As best seen in FIG. 3, mounted between the upper and lower plates 14, 16 of the reel bracket 12 is a pair of rollers 108, 110. The rollers 108, 110 are positioned adjacent to one another. Each has a surface perimeter 112, 114 including a respective groove 116, 118. The confluence of the grooves 116, 118 forms a generally circular opening 120 whereby the electric cord C may pass through. Roller 108 is rotatably mounted on a shaft 124 connected to the second pulley 50. Rotation of the second pulley 50 drivingly rotates the shaft 124 and the roller 108. Roller 110 is freely rotatable in both directions about a shaft 126. Shaft 126 is fixedly mounted to the upper and lower plates 34, 36 by a pair of clips 128 and support members 129 mounted at terminal ends of shaft 126 above plate 34 and below plate 36. Rotation of the first roller 108 in, for example, a clockwise direction, frictionally engages the second roller 110 and causes the second roller 110 to rotate in an opposite, i.e. counterclockwise, direction. The frictional engagement includes a squeezing action between the cord C and the rollers 108, 110 for dispensing the cord C through the opening 120.
The motor bracket 32 pivots about the shaft 124 of the first roller 108. As best seen in FIGS. 4 and 5, the motor bracket 32 pivots from a first position P1 to a second position P2 in response to the actuation of the motor 84 and linkage arm 88. In the first position P1, the wheel 60 connected to the shaft 58 of the first pulley 48 is frictionally engaged with the cord reel 20. The clockwise rotation of the wheel 60 rotates the cord reel 20 counterclockwise. Counterclockwise rotation of the cord reel 20 retracts the cord C towards and winds the cord about the reel 20. As shown in FIG. 4, the belt 52 between the first and second pulleys 48, 50 is at this time in a continuous slip condition. When the cord reel 20 is rotated to retract the cord C, the rollers 108, 110 idle against the cord C. In other words, the rollers 108, 110 idly rotate as the cord C passes through the opening 120 therebetween.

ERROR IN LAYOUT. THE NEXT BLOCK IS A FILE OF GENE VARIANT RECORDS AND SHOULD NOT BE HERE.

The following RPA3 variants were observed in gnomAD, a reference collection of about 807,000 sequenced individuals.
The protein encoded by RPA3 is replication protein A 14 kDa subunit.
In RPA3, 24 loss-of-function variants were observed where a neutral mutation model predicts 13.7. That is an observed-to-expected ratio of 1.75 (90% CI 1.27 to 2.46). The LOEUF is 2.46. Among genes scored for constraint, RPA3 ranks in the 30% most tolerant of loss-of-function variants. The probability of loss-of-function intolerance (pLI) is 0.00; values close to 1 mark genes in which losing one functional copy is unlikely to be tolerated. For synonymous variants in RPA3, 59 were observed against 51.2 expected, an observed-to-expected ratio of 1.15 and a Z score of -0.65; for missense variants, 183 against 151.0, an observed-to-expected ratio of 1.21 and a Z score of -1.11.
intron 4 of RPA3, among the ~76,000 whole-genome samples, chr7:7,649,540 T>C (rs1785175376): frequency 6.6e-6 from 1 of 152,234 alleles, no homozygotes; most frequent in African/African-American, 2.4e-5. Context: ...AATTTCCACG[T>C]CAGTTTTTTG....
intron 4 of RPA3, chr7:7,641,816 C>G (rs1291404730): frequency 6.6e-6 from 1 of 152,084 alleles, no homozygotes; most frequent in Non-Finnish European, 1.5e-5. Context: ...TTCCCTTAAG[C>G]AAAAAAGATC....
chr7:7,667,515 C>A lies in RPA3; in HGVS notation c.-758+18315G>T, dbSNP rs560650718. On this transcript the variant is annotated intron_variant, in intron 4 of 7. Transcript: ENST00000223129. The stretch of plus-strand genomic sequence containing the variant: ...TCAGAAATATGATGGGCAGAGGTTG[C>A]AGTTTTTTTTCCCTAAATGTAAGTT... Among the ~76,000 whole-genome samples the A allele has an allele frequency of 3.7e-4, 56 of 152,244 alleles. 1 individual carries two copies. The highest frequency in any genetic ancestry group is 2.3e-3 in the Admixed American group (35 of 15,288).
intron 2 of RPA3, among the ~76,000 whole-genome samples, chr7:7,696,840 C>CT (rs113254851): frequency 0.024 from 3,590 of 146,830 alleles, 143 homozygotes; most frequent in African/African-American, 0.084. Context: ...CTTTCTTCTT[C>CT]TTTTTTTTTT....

FIG. 5 shows the position of the cord reel device 10 in the second P2 or dispensing position. In position P2, the wheel 60 is disengaged from the cord reel 20 allowing the reel 20 to idle. At this time, the belt 52 is engaged with the idler wheel 76 whereby the belt pulley assembly 46 is engaged and the second pulley 50 is drivingly rotated. Rotation of second pulley 50 in a clockwise manner drivingly rotates the first roller 108. The cord C is forced between the two grooves 116, 118 of the rollers 108, 110. Thus, the cord C is dispensed from the cord reel 20 through the opening 120.
As seen in FIGS. 4 and 5, the upper plate 14 of the reel bracket 12 and the upper plate 34 of the motor bracket 32 each include a mounting bracket 132, 134. Secured to the mounting bracket is a spring 136. The spring 136 supplies a biasing/return force to assist movement of the motor bracket 32 from the second position P2 to the first position P1. Thus, the motor bracket 32 is urged to the first position P1 and only assumes position P2 when motor 84 is actuated.
With reference now to the flow chart of FIG. 6, the method of managing the electrical cord C for an autonomous appliance A are displayed therein. The appliance A is moved to a location, and in order to supply power to the appliance A, the cord C is played out or unwound from the cord reel and the electric cord plug end is plugged into an electrical outlet. Power is supplied through the electric cord to the appliance and to the motors of the cord reel device. A sensor is activated for sensing an axial force on the cord corresponding to movements of the appliance. The appliance progresses through various movements generally toward or away from the electrical outlet. The sensors determine whether the cord is under tension, i.e. there is an axial force on the cord.